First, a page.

mikelemmer's 1000 Amps (PC) review

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Engaging Metroidvania Platformer, Needs Better Map

Download Size: 6 MB

Time Played: 4 hrs.

Manual Dexterity Required: High

Time Spent Backtracking: ~45 min.

Was Getting 100% Worth It? No

What I'd Pay: $5

Steam Price (2/26/12): $5

Imagine Metroid as a puzzle game: dozens of rooms connected by a central hub, some of which you have to solve to proceed, and others you just pass through and solve later once you get the necessary upgrades. That's 1000 Amps in a nutshell. For the most part, it delivers, but Flash slowdown and drains that force the player to backtrack make the game drag.

You play Plug, a service robot in an electric tree that has gone offline thanks to some mysterious Intruder. Your ultimate goal is to drive him out, but first you must restore power to the tree's rooms and collect the upgrades necessary to take him on. You restore power by touching Power Nodes; once you touch every Power Node in a room, it stays lit. If you leave before you activate every Power Node, the room goes dark again.

In addition to it being your job, Plug needs the rooms lit to use his abilities to their fullest. His jump height is increased for each Power Node active, and he needs at least one active to use his teleport. (His teleport also has an annoying tendency to disable any adjacent Power Nodes when activated.) Various obstacles, hazards, and even enemies that disable nearby nodes make things difficult. There's even rooms split into 2 or more parts, which led to situations where I had to tap the jump button to leap exactly one square above a Power Node (without entering the room above) and immediately teleport to another part of the room to activate it without deactivating the previous Node. That demanded a lot more finesse than I first expected when I started the game.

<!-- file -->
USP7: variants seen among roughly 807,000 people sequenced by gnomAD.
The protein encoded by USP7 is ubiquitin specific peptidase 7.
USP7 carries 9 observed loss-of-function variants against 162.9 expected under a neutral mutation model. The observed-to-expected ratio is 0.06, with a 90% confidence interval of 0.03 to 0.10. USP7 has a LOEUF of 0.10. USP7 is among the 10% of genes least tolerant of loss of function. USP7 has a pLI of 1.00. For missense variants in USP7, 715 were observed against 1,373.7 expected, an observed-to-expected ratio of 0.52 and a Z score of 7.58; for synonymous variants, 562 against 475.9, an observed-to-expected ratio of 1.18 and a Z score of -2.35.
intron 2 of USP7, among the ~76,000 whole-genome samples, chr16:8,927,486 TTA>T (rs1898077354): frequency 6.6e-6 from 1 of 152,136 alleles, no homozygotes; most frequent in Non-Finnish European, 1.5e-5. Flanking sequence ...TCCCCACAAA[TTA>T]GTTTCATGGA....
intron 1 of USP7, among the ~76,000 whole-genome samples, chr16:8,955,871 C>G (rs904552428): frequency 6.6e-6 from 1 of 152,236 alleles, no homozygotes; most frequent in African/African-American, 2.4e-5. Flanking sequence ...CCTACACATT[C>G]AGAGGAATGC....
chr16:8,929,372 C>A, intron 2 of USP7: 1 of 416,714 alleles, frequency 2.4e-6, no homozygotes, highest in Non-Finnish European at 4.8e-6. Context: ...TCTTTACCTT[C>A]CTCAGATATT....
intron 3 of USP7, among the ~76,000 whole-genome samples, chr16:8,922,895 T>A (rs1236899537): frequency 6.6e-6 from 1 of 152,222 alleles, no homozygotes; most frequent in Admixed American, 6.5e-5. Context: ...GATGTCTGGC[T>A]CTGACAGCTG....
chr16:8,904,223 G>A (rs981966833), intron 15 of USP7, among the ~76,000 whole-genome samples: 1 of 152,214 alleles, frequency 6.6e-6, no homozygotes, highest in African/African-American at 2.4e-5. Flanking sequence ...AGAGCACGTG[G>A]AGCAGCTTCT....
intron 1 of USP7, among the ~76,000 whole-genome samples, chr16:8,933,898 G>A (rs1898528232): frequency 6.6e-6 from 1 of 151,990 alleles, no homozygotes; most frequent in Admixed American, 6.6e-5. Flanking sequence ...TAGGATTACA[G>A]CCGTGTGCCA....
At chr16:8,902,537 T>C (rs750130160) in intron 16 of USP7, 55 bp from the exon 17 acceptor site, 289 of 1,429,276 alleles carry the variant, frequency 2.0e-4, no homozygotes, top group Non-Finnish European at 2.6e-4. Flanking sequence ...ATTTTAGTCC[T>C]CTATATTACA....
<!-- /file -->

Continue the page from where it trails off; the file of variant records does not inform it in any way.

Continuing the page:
Unfortunately, the Flash running the program interferes with such finesse. The game seems to push it to its limits. The cursor often slowed down when the screen got too busy, sometimes Plug kept moving after you released the key, and whenever I played for an hour or more, the game noticeably slowed down until I restarted it.


This just exasberates some of the drains & one-way platforms scattered throughout the map. In some rooms, there's holes that drop you into a different section of the map with no shortcut back. When most of the map is dark, this just means you have a new area to explore, but when you're trying to finish that last section, it means you get to spend 5-10 minutes getting back there. The worst example is at the end of the game; it's possible to fall past the final upgrade and spend 10-15 minutes getting back there. I wish the game had more warp portals to counter this, or just skipped such trap doors entirely.

Can you spot the unexplored room on this map?
Can you spot the unexplored room on this map?

The confusing map interface doesn't help you get around, either. It is in the same greyscale as the game, and instead of blocking out the background entirely, it just dims it. You get greys mixing and clashing until you have trouble telling what's background & what's map. Combine that with an inability to scroll the map around and you have one of the most frustrating maps I've seen in a game.

It's a pity the map and one-way drops make the endgame so frustrating, because for the first 2 hours I really enjoyed the Metroidvania puzzle action. Finding enough Power Nodes to reach that one ledge, or figuring out the perfect spot to teleport from/to, were engaging and fun. It was only when the game became more backtracking than puzzle-solving that it became a chore. Completing 100% was particularly aggravating; its extra ending just set up a sequel instead of explaining anything. It's still worth the $5, but save yourself some grief and just finish the game instead of trying to 100% it.

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